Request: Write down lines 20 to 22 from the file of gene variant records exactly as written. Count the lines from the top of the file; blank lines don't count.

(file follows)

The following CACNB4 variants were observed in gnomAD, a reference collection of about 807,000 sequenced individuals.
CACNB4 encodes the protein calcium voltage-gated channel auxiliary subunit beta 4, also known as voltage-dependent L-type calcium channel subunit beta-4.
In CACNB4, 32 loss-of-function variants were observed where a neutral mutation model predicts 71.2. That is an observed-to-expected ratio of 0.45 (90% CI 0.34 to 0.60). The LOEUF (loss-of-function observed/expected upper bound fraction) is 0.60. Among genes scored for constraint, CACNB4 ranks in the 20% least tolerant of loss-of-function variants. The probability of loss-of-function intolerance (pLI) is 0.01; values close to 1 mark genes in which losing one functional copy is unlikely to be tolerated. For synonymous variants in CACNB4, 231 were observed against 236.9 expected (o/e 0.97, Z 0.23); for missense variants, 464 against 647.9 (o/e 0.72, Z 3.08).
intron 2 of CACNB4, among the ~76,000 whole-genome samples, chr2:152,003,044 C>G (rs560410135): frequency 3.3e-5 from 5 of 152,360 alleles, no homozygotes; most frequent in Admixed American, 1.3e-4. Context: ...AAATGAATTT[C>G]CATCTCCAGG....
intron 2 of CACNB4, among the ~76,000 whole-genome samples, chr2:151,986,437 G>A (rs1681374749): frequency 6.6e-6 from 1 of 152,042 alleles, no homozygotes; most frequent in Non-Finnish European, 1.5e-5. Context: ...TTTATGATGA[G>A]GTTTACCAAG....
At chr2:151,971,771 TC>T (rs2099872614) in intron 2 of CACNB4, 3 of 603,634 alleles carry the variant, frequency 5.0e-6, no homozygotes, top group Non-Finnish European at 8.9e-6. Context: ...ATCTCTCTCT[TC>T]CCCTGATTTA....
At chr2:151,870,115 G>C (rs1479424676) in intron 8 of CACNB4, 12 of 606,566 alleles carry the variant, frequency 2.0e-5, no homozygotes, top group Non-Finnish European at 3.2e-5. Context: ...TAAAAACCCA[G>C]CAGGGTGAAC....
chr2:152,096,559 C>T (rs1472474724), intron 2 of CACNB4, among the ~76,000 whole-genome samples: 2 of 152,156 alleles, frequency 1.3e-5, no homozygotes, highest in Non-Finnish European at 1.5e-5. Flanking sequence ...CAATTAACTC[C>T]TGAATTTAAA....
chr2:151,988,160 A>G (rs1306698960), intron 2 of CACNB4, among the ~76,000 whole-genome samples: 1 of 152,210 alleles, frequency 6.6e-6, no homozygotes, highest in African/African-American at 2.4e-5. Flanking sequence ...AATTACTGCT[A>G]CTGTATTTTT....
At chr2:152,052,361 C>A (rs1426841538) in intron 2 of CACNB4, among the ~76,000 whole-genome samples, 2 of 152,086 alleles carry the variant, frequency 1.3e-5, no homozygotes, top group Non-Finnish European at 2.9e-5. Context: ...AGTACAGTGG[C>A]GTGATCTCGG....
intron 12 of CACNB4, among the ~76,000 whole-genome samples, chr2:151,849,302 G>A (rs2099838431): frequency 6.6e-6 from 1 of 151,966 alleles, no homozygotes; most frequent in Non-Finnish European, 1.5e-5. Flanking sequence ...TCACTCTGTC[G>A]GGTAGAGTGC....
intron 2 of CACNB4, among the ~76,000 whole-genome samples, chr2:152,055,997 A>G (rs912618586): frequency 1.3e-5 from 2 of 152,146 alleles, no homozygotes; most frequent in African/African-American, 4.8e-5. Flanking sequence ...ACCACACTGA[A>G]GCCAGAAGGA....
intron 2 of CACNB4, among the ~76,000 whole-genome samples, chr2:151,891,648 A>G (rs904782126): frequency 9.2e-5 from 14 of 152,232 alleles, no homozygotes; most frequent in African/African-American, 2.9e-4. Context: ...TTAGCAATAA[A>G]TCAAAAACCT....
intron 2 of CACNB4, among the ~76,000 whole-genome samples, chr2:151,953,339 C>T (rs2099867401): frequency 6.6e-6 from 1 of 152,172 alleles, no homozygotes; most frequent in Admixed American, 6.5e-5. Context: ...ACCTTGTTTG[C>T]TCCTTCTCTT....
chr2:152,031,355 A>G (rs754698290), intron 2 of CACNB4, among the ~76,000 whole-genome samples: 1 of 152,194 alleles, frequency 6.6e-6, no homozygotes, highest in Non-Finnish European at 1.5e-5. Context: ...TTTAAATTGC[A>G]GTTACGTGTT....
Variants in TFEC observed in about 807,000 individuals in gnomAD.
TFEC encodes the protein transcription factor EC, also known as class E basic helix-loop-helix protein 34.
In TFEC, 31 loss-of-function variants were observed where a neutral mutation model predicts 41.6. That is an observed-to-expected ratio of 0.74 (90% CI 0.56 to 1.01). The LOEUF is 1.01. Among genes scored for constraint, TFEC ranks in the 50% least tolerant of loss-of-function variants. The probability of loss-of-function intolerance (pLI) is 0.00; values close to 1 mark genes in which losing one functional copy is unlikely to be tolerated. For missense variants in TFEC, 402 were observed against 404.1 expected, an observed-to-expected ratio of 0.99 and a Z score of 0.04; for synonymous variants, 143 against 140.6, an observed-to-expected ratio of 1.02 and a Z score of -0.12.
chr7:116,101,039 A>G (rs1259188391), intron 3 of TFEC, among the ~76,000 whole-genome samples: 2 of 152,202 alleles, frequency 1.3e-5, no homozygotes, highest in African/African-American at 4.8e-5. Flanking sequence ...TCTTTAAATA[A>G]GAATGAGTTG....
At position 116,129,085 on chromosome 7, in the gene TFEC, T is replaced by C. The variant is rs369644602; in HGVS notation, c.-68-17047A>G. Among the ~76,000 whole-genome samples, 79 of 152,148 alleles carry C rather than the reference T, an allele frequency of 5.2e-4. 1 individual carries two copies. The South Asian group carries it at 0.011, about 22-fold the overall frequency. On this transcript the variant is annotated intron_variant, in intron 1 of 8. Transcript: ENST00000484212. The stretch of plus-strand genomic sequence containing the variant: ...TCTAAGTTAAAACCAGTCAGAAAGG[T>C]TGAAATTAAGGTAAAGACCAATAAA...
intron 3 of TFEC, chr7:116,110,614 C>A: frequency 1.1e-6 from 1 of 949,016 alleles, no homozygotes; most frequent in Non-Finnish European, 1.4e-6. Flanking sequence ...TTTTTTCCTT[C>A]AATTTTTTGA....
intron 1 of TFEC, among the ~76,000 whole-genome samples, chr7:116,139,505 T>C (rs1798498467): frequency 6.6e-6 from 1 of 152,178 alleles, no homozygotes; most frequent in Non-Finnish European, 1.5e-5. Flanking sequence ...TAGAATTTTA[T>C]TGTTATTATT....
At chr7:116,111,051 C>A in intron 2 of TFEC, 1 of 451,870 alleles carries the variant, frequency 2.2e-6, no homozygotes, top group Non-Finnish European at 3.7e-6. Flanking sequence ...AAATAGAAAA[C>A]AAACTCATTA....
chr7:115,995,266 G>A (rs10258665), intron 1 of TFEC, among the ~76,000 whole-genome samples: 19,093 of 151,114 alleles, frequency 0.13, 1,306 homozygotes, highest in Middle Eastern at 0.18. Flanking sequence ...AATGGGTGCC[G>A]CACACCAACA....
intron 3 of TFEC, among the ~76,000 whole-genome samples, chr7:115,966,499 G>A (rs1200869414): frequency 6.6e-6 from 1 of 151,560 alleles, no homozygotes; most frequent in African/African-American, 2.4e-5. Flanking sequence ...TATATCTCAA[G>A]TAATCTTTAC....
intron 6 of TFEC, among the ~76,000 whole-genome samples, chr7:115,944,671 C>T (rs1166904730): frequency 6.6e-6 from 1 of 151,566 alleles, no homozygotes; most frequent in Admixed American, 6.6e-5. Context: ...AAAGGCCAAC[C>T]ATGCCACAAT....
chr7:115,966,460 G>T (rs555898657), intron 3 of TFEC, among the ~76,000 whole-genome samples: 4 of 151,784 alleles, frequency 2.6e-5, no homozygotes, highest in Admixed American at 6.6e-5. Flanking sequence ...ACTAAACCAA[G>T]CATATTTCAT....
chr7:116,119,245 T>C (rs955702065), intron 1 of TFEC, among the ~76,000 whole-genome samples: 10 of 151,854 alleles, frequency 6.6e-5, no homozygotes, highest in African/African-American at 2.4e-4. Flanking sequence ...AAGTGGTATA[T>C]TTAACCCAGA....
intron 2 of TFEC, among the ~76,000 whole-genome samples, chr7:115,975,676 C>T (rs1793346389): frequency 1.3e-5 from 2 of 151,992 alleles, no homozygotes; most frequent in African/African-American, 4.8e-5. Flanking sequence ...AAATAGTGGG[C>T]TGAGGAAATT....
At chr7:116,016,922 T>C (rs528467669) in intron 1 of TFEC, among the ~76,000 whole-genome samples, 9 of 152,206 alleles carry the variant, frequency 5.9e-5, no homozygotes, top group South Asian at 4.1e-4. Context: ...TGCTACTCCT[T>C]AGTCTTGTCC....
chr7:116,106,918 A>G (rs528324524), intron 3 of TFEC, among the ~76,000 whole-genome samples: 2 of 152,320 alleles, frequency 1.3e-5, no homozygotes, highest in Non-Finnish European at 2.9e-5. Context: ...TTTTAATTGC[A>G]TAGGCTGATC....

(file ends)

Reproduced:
At position 116,129,085 on chromosome 7, in the gene TFEC, T is replaced by C. The variant is rs369644602; in HGVS notation, c.-68-17047A>G. Among the ~76,000 whole-genome samples, 79 of 152,148 alleles carry C rather than the reference T, an allele frequency of 5.2e-4. 1 individual carries two copies. The South Asian group carries it at 0.011, about 22-fold the overall frequency. On this transcript the variant is annotated intron_variant, in intron 1 of 8. Transcript: ENST00000484212. The stretch of plus-strand genomic sequence containing the variant: ...TCTAAGTTAAAACCAGTCAGAAAGG[T>C]TGAAATTAAGGTAAAGACCAATAAA...
intron 3 of TFEC, chr7:116,110,614 C>A: frequency 1.1e-6 from 1 of 949,016 alleles, no homozygotes; most frequent in Non-Finnish European, 1.4e-6. Flanking sequence ...TTTTTTCCTT[C>A]AATTTTTTGA....
intron 1 of TFEC, among the ~76,000 whole-genome samples, chr7:116,139,505 T>C (rs1798498467): frequency 6.6e-6 from 1 of 152,178 alleles, no homozygotes; most frequent in Non-Finnish European, 1.5e-5. Flanking sequence ...TAGAATTTTA[T>C]TGTTATTATT....